“From that point on, we fell in love with it, and we already had a set of songs,” Babcock says. Like any cover band that wants to work, Mayfield adds new songs frequently. “At least 75 per cent of the songs we do are pretty current, or at least within the last three years of what you’d hear on country radio. And not just a country lover would know the songs, but even somebody who’s not a huge fan of country, it’s so familiar.
“You know, people love singing along, and that’s why we do cover music. I mean, some of us do originals on our own time, but that’s not our focus because people really enjoy when something is familiar to them.”
Bowriver, from left, Michael Richer, Adam Richer,
Fernando Longhi, Stephanie Dawn.
Entertaining audiences by playing music is what it’s all about, agrees Richer. “The most rewarding part for me is getting up on stage and having the whole room dancing while I play my guitar as loud as I please.”
Adds Lamb: “I think I’m biased, but in my opinion there is nothing better than seeing a band perform live. What I enjoy most is that I’m in a band with over 80 years of combined live playing experience, and everybody is still into practising and getting better. When we show up to a gig, all of us are there to have fun and do the best show we possibly can.”
There are dozens of cover bands playing bars, clubs, weddings and parties in the city. For a partial list, visit bandscalgary.com.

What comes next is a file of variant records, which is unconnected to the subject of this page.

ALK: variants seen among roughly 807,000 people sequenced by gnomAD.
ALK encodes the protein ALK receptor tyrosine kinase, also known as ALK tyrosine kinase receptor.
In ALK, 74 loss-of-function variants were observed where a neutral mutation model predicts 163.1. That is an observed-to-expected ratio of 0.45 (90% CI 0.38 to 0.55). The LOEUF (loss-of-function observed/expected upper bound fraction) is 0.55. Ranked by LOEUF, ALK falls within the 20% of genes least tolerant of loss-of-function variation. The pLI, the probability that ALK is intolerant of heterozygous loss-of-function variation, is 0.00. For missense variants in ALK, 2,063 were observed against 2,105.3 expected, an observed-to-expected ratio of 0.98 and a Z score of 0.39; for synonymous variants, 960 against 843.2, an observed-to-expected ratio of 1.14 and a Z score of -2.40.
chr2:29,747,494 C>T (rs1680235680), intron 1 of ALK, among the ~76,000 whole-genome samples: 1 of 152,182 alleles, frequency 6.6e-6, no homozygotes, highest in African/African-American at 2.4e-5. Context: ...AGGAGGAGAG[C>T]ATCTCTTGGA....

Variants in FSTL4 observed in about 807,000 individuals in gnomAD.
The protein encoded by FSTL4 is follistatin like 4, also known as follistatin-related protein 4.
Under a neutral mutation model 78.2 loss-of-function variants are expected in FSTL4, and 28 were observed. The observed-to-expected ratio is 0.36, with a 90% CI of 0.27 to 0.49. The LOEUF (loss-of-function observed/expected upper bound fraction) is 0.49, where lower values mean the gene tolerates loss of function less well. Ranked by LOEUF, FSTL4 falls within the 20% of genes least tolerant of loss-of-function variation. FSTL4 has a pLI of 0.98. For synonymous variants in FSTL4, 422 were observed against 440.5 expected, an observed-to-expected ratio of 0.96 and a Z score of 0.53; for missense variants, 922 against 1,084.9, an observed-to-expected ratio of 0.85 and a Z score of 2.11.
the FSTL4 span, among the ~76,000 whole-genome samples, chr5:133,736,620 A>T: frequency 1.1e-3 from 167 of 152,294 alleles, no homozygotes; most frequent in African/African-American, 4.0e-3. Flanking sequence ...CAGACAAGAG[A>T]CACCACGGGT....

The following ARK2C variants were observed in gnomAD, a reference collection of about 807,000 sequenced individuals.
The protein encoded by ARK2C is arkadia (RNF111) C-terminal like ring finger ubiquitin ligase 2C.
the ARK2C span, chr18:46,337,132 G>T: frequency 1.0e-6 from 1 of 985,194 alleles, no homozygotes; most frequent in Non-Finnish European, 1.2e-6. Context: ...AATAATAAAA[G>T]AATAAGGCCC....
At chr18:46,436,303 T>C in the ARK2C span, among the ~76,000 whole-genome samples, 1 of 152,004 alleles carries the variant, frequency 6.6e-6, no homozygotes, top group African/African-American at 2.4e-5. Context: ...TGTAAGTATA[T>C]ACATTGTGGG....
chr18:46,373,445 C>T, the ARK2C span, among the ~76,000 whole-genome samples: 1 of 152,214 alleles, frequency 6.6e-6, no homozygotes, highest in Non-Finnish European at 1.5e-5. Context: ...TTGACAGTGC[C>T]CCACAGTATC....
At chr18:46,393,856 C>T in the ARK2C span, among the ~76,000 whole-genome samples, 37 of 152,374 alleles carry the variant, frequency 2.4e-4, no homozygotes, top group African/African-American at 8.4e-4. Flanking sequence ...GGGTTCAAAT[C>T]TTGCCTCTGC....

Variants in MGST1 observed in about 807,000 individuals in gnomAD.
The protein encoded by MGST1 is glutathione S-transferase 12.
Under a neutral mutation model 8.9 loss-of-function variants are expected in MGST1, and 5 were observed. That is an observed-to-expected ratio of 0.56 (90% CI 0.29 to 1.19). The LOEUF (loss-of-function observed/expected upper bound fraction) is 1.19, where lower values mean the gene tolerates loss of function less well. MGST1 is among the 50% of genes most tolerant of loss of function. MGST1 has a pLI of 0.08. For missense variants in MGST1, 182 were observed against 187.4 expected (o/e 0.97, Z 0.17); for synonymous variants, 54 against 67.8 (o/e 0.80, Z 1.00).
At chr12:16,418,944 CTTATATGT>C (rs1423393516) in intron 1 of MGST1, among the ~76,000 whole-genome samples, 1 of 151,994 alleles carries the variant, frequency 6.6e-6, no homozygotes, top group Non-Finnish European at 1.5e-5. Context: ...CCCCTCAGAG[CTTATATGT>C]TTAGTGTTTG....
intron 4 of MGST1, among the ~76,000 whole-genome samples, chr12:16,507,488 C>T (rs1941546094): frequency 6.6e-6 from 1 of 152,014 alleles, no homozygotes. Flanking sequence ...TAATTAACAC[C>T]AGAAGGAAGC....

Three songs to get the party started
We asked our three cover bands which songs they can always rely on to get an audience excited and engaged.
Dancing in the Dark (Bruce Springsteen, 1984)
I Will Survive (Gloria Gaynor, 1978)
Paradise by the Dashboard Light (Meat Loaf, 1977)
Sweet Caroline (Neil Diamond, 1969) Curious George updates this chestnut by weaving in some Eminem.
Your Love (The Outfield, 1985)
Don’t Stop Believin’ (Journey, 1981)
Cruise (Florida Georgia Line, 2012)
Sweet Thing (Keith Urban, 2008)
Save a Horse (Ride a Cowboy) (Big & Rich, 2004)
Five ‘unoriginal’ classic hits
What do these iconic songs have in common? They’re all cover versions of original recordings by other artists. Numbers 3 and 4 might surprise you.
1. Black Magic Woman
A top-5 hit for Santana in 1971. Original: Fleetwood Mac, 1968.
2. Blue Suede Shoes
One of Elvis Presley’s signature early singles (along with Hound Dog, also a cover). Original: Carl Perkins, 1956.
3. Girls Just Want To Have Fun
This girl-power anthem was a global top 5 for Cindy Lauper in 1984. Original: Robert Hazard, 1979.
Another ode to female empowerment, this 1967 smash is an Aretha Franklin classic. But the original was released by Otis Redding in 1965.
5. Twist and Shout
The Beatles had huge and long-lasting success with this rocker, which charted in 1964, 1986 and (in the U.K.) 2010. Original: the Top Notes, 1961; improved upon by the Isley Brothers, 1962.